Whispers in the air, Light?More Light?
Blinking while seeing in the distance, the beacon is lit. The solitary point is dim, a spark.
In the time of yore, when great warriors gathered in the fields and courts, one man realized the struggles. Too many times, the warriors fought alone. Their spirits would rise and fall like the tides that guided the great ships. Something is wrong, he knew something more was needed.
Then, the visions began to haunt the man?s slumber. Drums would rumble and horns would blast a call to arms, rallying onlooker and warrior alike. With each passing vision, the next would become stronger and stronger? With each day, the visions would encroach on his waking moments, demanding more and more of his concentration, begging to be set free.
But these visions were not in his power to create in the world of men. These powerful illusions in his mind were too vast to simply create on his own. He could not begin to carry this burden without aid. Like King Arthur and others before him, the man sought a woman of great power, one who could grant him the resources he required to undertake the magnificent quest.
The great woman bequeathed her assistance and wisdom, and the man left her presence. He found a beacon, like the one his visions had described. Bringing his axe and raising his beacon high, he traveled across the land, gathering the greatest among them whose drums, flutes, and horns were brazen and loudest. These bold souls gathered and began to train together, discuss strategy, and prepare the call.
Then, the day of delivery was upon them. Both the sky and trees cried their unique tears of joy as they took a corner of the field, waiting for the warriors to arrive. Standing with the daring man who brought them forth, they each bowed their heads as they repeated his words:
May our amps be loud.
May our horns be proud.
May our kazoos sizzle and swagger.
In your name we play.
With these noble words, they began their assault. The horns blared fiercely and the drums made a joyous rumble that could be heard from the tallest peaks and the deepest valleys. Some say that even the waters rippled from the shear force of spirit by these valiant men and women. Together, they aided the warriors in battle, and the warriors gained their victory.
When they left the field, they quieted the drums, stowed the horns, and the man bent to recover his beacon. Each man and woman took a flame from it, but the beacon shone brighter and fiercer than before. Now the sparks were not just in his visions, they would be sent to the four corners of the land, along with word of their shared victory.
As he left, he glanced at the field of battle once more. It was glorious, and it would continue to be glorious. Hefting his great axe, he knew that it was the stuff of legend, and he smiled.
This is the story of the Pep Band?s performance at Fall Festival 2005.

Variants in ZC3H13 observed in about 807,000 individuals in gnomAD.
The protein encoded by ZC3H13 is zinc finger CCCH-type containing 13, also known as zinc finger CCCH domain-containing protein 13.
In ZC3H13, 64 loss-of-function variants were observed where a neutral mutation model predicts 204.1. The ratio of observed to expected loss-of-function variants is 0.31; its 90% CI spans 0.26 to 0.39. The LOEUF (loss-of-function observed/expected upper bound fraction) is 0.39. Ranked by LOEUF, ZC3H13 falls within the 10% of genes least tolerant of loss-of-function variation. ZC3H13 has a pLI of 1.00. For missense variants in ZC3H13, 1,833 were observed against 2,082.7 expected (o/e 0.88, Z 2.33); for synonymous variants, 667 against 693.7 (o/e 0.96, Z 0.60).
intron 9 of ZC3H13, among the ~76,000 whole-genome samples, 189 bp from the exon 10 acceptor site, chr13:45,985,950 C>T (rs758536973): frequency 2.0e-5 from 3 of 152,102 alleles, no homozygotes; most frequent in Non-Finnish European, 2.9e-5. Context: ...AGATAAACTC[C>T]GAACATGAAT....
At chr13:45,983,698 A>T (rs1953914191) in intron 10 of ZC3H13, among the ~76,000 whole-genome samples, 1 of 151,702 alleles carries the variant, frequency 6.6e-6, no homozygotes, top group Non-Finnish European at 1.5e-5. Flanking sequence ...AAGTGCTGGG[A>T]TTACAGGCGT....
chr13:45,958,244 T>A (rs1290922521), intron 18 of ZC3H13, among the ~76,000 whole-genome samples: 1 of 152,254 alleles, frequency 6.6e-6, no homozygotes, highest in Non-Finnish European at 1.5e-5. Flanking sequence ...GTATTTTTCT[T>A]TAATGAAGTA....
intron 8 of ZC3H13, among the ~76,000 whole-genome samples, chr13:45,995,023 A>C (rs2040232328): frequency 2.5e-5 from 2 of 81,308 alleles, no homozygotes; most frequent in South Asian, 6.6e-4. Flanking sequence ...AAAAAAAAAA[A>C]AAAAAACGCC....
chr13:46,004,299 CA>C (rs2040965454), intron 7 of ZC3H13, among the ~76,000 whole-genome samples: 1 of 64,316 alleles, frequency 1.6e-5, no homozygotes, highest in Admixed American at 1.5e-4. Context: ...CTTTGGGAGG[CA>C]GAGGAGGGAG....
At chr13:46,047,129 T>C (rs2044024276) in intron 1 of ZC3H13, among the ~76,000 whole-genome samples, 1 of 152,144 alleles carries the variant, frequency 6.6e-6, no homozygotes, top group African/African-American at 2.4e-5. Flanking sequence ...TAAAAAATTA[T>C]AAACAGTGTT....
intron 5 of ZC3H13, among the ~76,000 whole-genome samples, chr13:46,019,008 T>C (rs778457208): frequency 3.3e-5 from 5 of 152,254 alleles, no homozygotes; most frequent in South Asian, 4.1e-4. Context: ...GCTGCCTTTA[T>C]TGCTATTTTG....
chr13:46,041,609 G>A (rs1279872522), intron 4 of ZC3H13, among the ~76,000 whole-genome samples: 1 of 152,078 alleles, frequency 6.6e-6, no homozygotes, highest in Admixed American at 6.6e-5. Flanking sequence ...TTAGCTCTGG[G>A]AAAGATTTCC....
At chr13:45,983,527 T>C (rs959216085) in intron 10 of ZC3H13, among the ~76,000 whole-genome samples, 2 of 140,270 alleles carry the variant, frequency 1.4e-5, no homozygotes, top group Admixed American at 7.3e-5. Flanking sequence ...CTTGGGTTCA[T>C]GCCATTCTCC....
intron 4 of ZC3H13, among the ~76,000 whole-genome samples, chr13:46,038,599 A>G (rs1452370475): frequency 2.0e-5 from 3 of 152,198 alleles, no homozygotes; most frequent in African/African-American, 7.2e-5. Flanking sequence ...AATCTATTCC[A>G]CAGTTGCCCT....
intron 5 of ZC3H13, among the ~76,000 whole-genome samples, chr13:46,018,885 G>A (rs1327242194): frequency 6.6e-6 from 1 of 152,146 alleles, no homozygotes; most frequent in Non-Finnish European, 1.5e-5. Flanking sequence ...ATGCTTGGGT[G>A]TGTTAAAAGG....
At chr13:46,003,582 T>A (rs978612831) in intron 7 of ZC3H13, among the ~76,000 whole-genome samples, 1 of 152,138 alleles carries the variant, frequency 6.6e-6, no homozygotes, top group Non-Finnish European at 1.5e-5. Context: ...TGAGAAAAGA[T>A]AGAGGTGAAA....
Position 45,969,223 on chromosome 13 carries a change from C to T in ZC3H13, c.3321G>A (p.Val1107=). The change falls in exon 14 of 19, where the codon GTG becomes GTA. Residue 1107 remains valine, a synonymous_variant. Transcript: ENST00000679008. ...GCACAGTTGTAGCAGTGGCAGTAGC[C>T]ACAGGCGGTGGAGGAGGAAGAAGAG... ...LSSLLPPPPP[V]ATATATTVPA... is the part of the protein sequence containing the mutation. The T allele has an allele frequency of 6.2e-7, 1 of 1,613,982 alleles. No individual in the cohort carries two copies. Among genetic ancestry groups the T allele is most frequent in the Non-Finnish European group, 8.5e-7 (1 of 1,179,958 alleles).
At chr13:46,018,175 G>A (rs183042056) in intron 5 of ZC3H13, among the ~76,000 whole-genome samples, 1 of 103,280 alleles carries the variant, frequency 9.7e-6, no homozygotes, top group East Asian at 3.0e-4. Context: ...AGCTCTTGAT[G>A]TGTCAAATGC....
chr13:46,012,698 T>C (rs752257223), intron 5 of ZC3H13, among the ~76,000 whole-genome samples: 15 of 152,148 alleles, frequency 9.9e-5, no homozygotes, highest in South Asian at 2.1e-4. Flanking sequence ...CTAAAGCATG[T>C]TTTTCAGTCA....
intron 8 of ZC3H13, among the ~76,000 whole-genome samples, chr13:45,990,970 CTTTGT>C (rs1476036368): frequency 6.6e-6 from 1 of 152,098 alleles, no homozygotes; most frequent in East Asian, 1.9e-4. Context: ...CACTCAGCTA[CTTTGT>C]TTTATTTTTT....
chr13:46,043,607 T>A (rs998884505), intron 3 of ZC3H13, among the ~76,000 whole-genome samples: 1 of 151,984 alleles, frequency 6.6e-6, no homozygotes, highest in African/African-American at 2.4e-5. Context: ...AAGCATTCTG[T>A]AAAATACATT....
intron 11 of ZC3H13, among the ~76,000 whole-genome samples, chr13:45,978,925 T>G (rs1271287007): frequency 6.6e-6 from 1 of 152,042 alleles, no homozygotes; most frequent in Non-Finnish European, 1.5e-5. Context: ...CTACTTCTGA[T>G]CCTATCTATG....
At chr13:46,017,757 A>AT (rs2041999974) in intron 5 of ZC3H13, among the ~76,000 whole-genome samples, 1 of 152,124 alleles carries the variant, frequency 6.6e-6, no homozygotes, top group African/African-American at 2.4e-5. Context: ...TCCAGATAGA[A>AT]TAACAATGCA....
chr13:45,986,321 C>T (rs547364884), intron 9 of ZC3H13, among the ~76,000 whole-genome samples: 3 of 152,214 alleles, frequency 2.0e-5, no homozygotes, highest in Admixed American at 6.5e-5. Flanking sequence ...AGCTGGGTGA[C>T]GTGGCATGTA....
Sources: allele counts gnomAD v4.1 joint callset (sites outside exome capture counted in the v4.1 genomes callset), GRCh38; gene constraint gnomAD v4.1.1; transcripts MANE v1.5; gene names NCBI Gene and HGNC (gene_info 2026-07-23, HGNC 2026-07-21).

This story has many starting points, but I will shorten the back-story. I always enjoyed pep band in high school, which is the only thing that got me to the games. When I went to UW Fox Valley, I did not find a pep band there. This made me assume that some colleges did not take time with pep bands. As I confirmed my transfer to Lawrence, I thought that a university with a conservatory would have a pep band.
Anyone who knows me knows that I tend to hang on to ideas, dreams, and other things that I think can be changed. So, I stewed on the idea of starting a pep band at Lawrence, trying to decide the best courses of action and who to talk to about such a venture. To set the date, this was the time that President Warch was leaving and President Beck became the new President of the University.
This is the part of the story where I admit that the pep band is a product of a right place-right time situation. First, my friends and I picked the right time to eat lunch in Downer, room C. Second, the 2004-2005 residents of Hiett Hall are in my gratitude for not showing up to the luncheon with Pres. Beck. With their absence, President Beck sat with my friends and I, and David Macauley joined us soon after.
After some discussion, the contents of which have escaped me now, the subject had turned to the absence of particular aspects of school spirit, including a pep band. I started by mentioning that finding musicians should not be that difficult at a university with so many musicians. President Beck then suggested that the fans in the stands (I love it when I rhyme inadvertently) should play along with the band. David Macauley said that since anyone can play a kazoo (which turned out not to be true when I got my hands on one, but I?m blaming my trumpet playing background), kazoos for the fans would be a great choice. With this informal agreement to check into each of our particular areas, I left that lunch thinking, ?This could work? this could definitely work.?
Dave found a place on the web that could get us our Lawrence University Kazoos, President Beck found our funding, and I tracked down some musicians and ways of getting some song arrangements, equipment, and other stuff. Once I came back to campus this year, I realized that we were moving much more quickly than even I thought was possible. We quickly reserved a table at the activities fair, from which we received a large portion of our inaugural group.
Once we had the people, the equipment, the music, and the drive, we practiced and it started to rain on game day. We were not about to let a little rain stop us from playing, and, of course, the first game was great.
As they say, the rest is history.
Special thanks are due to Robert Strelow for his great renditions of the Pep Band and all of his work.